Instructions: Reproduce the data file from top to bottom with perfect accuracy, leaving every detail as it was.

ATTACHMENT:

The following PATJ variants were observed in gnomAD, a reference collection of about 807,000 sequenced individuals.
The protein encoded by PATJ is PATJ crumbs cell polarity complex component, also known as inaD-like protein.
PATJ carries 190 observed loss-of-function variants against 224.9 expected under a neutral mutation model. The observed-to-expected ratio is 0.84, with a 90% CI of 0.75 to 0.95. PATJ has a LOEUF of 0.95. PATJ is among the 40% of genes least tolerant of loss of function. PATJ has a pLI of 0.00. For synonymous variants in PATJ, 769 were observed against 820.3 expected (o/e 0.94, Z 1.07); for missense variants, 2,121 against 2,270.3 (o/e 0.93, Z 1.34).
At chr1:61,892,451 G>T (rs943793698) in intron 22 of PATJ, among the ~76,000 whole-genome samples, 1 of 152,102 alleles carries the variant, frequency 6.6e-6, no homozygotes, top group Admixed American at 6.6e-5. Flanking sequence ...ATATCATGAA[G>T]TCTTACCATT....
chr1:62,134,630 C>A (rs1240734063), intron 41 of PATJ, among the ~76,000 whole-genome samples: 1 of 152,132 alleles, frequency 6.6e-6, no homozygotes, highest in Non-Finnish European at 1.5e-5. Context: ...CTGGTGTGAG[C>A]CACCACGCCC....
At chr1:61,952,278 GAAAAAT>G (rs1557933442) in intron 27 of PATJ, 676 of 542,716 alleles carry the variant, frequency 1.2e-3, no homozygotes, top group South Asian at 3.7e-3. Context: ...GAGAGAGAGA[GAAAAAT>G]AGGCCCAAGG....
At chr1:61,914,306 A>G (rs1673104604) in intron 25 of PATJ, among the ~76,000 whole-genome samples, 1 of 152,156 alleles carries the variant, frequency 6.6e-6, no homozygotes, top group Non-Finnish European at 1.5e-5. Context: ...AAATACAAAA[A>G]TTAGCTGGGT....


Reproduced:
The following PATJ variants were observed in gnomAD, a reference collection of about 807,000 sequenced individuals.
The protein encoded by PATJ is PATJ crumbs cell polarity complex component, also known as inaD-like protein.
PATJ carries 190 observed loss-of-function variants against 224.9 expected under a neutral mutation model. The observed-to-expected ratio is 0.84, with a 90% CI of 0.75 to 0.95. PATJ has a LOEUF of 0.95. PATJ is among the 40% of genes least tolerant of loss of function. PATJ has a pLI of 0.00. For synonymous variants in PATJ, 769 were observed against 820.3 expected (o/e 0.94, Z 1.07); for missense variants, 2,121 against 2,270.3 (o/e 0.93, Z 1.34).
At chr1:61,892,451 G>T (rs943793698) in intron 22 of PATJ, among the ~76,000 whole-genome samples, 1 of 152,102 alleles carries the variant, frequency 6.6e-6, no homozygotes, top group Admixed American at 6.6e-5. Flanking sequence ...ATATCATGAA[G>T]TCTTACCATT....
chr1:62,134,630 C>A (rs1240734063), intron 41 of PATJ, among the ~76,000 whole-genome samples: 1 of 152,132 alleles, frequency 6.6e-6, no homozygotes, highest in Non-Finnish European at 1.5e-5. Context: ...CTGGTGTGAG[C>A]CACCACGCCC....
At chr1:61,952,278 GAAAAAT>G (rs1557933442) in intron 27 of PATJ, 676 of 542,716 alleles carry the variant, frequency 1.2e-3, no homozygotes, top group South Asian at 3.7e-3. Context: ...GAGAGAGAGA[GAAAAAT>G]AGGCCCAAGG....
At chr1:61,914,306 A>G (rs1673104604) in intron 25 of PATJ, among the ~76,000 whole-genome samples, 1 of 152,156 alleles carries the variant, frequency 6.6e-6, no homozygotes, top group Non-Finnish European at 1.5e-5. Context: ...AAATACAAAA[A>G]TTAGCTGGGT....